The BLOG: Lifestyle

Wreaths across America


A little more than fifty years ago an ambitious twelve year old boy, Morrill Worcester, won a trip to Washington D.C by selling the most editions of his hometown paper, The Bangor Daily News. While visiting Arlington National Cemetery the paper-router was instilled with respect for National service and sacrifice.

Three decades after that inspirational trip the Down-East’r seized an opportunity in 1992 to honor Veterans when his Worcester Wreath Company of Harrington, Maine had an unexpected surplus of 5,000 fresh balsam wreaths. In the spirit of Christmas Morrill with help from local truckers, and volunteers from the VFW and American Legion coordinated an effort with Members of the Maine State Society of Washington, D.C. to ship those heavenly scented, red-bowed remembrances to Arlington National Cemetery.

At a seldom visited section of the Cemetery, Morrill and his wife Karen with friends and neighbors of Columbia Falls, Maine began placing wreaths on headstones in honor of forgotten Veterans then saying their name in thanks. Symbolically the wreaths circular shape represents eternity in that there is no beginning and no end. Their evergreen essence and appearance of vitality throughout winter is a reminder of life’s continuity. As the years passed the tradition quietly grew.

The tribute had gone largely unnoticed until a dramatic photo of snow covered, adorned head stones from Arlington went viral in 2005. A ground swell of appreciation for the seasonal-honor increased donations to the cause. Interest in emulating the eulogium spread beyond Virginia to other sites.

The noble gesture now known as Wreaths Across America has swept the Nation to all 50 States at Sea and abroad. Amber Caron, spokesperson for the non-profit, said the custom of laying wreaths on graves in tribute to a Veteran has become a Christmas custom for many. The tradition that began in Arlington is a tangible and spiritual sign of connection between all Service men, women, their families and our Nation.

Caron said the Worcesters and others feel to say a Veteran’s name as a wreath is laid on their grave “is a small act that goes a long way towards keeping their memory alive.” They believe a Serviceperson dies twice; once when they take their final breath and later, the last time their name is spoken.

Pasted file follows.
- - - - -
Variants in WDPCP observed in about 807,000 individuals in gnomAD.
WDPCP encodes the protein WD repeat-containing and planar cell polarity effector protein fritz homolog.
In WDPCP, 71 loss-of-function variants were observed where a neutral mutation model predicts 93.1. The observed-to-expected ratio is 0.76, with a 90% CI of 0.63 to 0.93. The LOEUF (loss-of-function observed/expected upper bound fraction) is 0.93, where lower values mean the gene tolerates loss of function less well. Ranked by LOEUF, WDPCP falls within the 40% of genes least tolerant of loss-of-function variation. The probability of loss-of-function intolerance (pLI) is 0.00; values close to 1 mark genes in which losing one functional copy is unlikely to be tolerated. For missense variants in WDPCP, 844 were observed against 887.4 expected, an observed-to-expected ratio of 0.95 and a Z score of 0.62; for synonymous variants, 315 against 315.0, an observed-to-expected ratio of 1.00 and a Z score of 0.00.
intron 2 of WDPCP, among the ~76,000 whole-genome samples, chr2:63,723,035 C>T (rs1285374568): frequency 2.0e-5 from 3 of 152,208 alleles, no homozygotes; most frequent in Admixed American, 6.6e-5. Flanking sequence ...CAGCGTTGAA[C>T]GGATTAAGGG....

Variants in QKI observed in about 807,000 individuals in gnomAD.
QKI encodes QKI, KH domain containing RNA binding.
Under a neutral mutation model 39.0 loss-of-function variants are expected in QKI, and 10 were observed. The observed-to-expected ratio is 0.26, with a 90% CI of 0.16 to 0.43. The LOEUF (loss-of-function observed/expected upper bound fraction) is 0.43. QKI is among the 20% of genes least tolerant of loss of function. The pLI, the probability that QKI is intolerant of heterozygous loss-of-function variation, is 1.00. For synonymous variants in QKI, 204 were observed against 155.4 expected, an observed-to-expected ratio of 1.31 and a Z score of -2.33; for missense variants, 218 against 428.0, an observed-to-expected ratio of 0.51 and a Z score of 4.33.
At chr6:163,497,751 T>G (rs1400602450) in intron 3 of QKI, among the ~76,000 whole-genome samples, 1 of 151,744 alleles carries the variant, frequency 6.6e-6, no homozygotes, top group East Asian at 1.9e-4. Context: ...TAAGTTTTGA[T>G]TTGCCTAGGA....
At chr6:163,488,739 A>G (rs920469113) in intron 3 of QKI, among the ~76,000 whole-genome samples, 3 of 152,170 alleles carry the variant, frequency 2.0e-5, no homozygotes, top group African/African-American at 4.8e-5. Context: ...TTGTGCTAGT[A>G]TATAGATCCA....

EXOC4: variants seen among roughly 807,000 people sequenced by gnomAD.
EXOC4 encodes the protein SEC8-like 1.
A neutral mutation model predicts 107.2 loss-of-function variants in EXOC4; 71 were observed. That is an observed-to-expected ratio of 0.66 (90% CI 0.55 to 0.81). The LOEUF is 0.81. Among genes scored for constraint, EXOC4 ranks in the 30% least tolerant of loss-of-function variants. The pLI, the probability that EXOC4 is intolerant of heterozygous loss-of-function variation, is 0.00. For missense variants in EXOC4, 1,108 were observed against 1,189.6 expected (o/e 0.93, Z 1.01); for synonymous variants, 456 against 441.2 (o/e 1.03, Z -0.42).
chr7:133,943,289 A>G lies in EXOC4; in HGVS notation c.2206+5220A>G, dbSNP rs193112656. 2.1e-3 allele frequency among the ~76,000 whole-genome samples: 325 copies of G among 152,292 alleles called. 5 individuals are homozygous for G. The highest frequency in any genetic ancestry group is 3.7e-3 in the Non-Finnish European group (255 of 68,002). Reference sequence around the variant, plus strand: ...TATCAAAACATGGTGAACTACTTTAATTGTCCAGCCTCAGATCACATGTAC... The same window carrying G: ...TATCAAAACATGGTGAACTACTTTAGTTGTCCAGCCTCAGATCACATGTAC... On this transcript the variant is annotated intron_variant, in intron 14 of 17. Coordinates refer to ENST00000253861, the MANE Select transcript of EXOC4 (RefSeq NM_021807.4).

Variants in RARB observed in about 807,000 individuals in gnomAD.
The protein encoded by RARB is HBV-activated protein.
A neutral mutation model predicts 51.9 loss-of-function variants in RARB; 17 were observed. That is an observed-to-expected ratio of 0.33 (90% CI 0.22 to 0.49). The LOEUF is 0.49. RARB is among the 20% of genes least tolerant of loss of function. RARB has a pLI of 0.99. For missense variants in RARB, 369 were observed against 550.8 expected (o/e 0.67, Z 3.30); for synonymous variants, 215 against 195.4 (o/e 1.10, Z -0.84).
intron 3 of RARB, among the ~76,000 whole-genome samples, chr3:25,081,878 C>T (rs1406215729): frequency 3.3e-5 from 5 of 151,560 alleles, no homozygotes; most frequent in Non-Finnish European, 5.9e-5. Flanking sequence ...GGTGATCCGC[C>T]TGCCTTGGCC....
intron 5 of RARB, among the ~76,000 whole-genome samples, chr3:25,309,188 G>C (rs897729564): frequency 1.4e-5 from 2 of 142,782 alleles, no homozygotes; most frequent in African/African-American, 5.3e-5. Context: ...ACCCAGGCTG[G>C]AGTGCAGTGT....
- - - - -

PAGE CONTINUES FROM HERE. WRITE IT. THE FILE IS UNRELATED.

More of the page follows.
This year, wreath-laying observances are expected at 1,200 cemeteries around the world. Simultaneously honoring the United States Marines Corp,the United States Navy, the United States Coast Guard, the United States Army, the United States Air Force as well as POW’s and MIA’s, more than 1.2 million wreaths will be laid on the graves of the fallen or clustered in a group of seven in remembrance of all who served.

Saturday, December 10th, Morrill and Karen Worcester with current National President of American Gold Star Mothers, Candy Martin, will begin a week long escort of a convoy with ten tractor-trailers carrying hand-made, red ribboned wreaths to the final resting place of Veterans at Arlington National Cemetery. From Quoddy Head State Park in Maine to Washington D.C. on-lookers are welcome to experience the mission of Wreaths Across America as participants make stops en-route at schools, fairgrounds, fire-stations, the Pentagon and many Monuments. ( link details below)

Saturday, December 17th, the convoy will arrive at the gates of Arlington National Cemetery at 8:15 A.M. Opening ceremonies will be followed by wreath-laying commemorations at President Taft’s Monument at 10:30, President Kennedy’s Memorial at 11:00, the USS Maine Monument at 11:30, and the Tomb of the Unknown solider at 12:00 P.M. Observances of the tradition will differ by location around the world, however each ceremony is conducted in a manner designed to be moving, very special and free of charge. Karen Worcester, Executive Director of Wreaths Across America believes these seasonal tributes to veterans are not to “decorate graves’, ‘ not to remember their deaths,’but their lives.”

The legacy of respect felt by her husband as a young paper boy now grows in a Columbia Falls tree farm owned by the family. There in a protected reserve ‘The Veterans Remembrance Tree Program’ offers customized messages on dog-tags to hang in trees as a living memorial for more than 1,000 Gold Star families. Amber Caron said as trees are tagged generations of family members feel connected to their loved one’s growing memory in enduring ways. For some she believes the trees offer far more comfort than traditional grave sites.

Wreaths Across America is coordinated volunteer service open to all, working twelve months a year with the tri-fold mission to Remember our fallen U.S. veterans, Honor those who serve and Teach our children the value of freedom.

For general information:

To see the caravan appearance schedule :

For specific grave site information by City, Zip Code, Location, or Group see:

For Remembrance Tree program information call :
1 877 385 9504

or contact the non-profit organization at:
Wreaths Across America
P.O. Box 249
Columbia Falls, ME. 04623